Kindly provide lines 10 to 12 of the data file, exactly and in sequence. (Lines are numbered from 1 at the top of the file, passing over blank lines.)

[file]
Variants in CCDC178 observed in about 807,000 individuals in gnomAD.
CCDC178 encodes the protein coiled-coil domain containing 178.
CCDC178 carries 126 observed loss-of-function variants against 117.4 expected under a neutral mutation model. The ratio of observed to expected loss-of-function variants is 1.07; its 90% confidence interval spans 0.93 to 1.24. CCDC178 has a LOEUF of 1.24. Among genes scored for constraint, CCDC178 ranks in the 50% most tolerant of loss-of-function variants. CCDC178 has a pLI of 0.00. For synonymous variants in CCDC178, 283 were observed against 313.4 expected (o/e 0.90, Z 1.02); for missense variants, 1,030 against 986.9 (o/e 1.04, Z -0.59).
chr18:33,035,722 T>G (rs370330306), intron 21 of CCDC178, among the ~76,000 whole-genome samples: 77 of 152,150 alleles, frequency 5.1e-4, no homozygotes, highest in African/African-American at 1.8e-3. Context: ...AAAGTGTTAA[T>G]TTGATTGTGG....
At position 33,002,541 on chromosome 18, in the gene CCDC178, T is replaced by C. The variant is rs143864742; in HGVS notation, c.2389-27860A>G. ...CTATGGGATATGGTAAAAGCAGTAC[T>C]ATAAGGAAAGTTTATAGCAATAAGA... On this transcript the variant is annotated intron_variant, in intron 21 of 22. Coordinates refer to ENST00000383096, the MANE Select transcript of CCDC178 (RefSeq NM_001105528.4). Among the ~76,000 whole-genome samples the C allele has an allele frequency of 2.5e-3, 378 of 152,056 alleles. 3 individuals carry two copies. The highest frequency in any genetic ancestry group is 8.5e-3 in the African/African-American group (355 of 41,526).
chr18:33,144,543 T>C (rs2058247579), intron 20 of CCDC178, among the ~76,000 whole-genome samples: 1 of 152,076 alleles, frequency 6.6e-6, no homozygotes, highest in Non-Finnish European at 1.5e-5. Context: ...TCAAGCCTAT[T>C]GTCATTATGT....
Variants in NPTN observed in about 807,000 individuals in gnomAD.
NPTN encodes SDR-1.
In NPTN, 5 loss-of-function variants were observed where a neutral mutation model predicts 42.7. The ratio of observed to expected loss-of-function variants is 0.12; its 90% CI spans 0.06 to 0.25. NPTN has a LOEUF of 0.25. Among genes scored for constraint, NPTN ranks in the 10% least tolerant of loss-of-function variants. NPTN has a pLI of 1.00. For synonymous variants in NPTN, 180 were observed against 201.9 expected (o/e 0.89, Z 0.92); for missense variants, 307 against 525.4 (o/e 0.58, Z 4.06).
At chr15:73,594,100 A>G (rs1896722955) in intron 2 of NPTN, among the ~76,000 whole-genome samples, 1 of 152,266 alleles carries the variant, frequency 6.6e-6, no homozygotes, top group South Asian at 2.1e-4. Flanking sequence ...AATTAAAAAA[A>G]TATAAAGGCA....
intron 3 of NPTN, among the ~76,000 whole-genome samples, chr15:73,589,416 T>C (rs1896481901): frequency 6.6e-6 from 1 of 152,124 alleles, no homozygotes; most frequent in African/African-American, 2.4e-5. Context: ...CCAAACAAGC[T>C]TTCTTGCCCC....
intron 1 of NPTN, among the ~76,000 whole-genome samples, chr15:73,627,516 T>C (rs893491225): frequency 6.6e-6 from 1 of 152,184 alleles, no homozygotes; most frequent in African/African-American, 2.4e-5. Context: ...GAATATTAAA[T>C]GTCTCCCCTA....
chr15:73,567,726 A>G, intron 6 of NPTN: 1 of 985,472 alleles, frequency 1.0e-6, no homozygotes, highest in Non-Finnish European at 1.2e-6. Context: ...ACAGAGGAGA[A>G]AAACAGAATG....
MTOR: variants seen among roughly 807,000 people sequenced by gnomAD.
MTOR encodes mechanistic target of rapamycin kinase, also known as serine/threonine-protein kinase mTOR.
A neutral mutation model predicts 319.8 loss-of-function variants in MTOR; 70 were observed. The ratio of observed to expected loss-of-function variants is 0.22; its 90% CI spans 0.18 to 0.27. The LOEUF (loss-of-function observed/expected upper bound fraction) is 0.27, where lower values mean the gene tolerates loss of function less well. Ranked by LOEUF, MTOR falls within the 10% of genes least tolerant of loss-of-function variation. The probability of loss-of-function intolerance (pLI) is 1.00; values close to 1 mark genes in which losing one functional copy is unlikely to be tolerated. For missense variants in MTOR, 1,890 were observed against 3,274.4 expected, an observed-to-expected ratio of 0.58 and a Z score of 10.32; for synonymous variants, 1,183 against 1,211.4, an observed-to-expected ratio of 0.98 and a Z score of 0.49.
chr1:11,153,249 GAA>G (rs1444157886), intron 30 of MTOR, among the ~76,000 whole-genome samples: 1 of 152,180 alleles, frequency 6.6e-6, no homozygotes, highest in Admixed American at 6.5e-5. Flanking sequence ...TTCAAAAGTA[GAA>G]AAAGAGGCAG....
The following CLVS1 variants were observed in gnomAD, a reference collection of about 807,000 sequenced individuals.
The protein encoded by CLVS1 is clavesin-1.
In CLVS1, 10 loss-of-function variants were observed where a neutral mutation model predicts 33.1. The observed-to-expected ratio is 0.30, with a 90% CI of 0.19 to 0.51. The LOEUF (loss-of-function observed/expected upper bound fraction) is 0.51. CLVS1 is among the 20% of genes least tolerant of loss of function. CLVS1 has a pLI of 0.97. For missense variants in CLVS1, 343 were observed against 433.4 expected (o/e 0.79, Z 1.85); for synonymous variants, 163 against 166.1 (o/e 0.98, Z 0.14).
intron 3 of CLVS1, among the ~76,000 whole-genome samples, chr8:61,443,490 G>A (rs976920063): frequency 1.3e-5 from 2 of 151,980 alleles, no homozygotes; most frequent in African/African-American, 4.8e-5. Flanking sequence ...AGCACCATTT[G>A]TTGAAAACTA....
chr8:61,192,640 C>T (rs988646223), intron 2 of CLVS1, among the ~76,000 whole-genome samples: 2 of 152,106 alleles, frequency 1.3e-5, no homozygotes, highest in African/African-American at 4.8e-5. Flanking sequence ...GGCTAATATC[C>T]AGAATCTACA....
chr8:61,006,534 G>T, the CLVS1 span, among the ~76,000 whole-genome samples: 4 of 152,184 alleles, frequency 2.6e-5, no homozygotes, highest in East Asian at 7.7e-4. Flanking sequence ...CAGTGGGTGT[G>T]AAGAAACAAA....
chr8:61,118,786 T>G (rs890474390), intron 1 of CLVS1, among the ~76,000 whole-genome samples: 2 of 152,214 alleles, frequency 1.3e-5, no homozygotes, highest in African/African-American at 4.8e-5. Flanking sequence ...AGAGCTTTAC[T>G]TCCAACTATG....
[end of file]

At chr15:73,594,100 A>G (rs1896722955) in intron 2 of NPTN, among the ~76,000 whole-genome samples, 1 of 152,266 alleles carries the variant, frequency 6.6e-6, no homozygotes, top group South Asian at 2.1e-4. Flanking sequence ...AATTAAAAAA[A>G]TATAAAGGCA....
intron 3 of NPTN, among the ~76,000 whole-genome samples, chr15:73,589,416 T>C (rs1896481901): frequency 6.6e-6 from 1 of 152,124 alleles, no homozygotes; most frequent in African/African-American, 2.4e-5. Context: ...CCAAACAAGC[T>C]TTCTTGCCCC....
intron 1 of NPTN, among the ~76,000 whole-genome samples, chr15:73,627,516 T>C (rs893491225): frequency 6.6e-6 from 1 of 152,184 alleles, no homozygotes; most frequent in African/African-American, 2.4e-5. Context: ...GAATATTAAA[T>C]GTCTCCCCTA....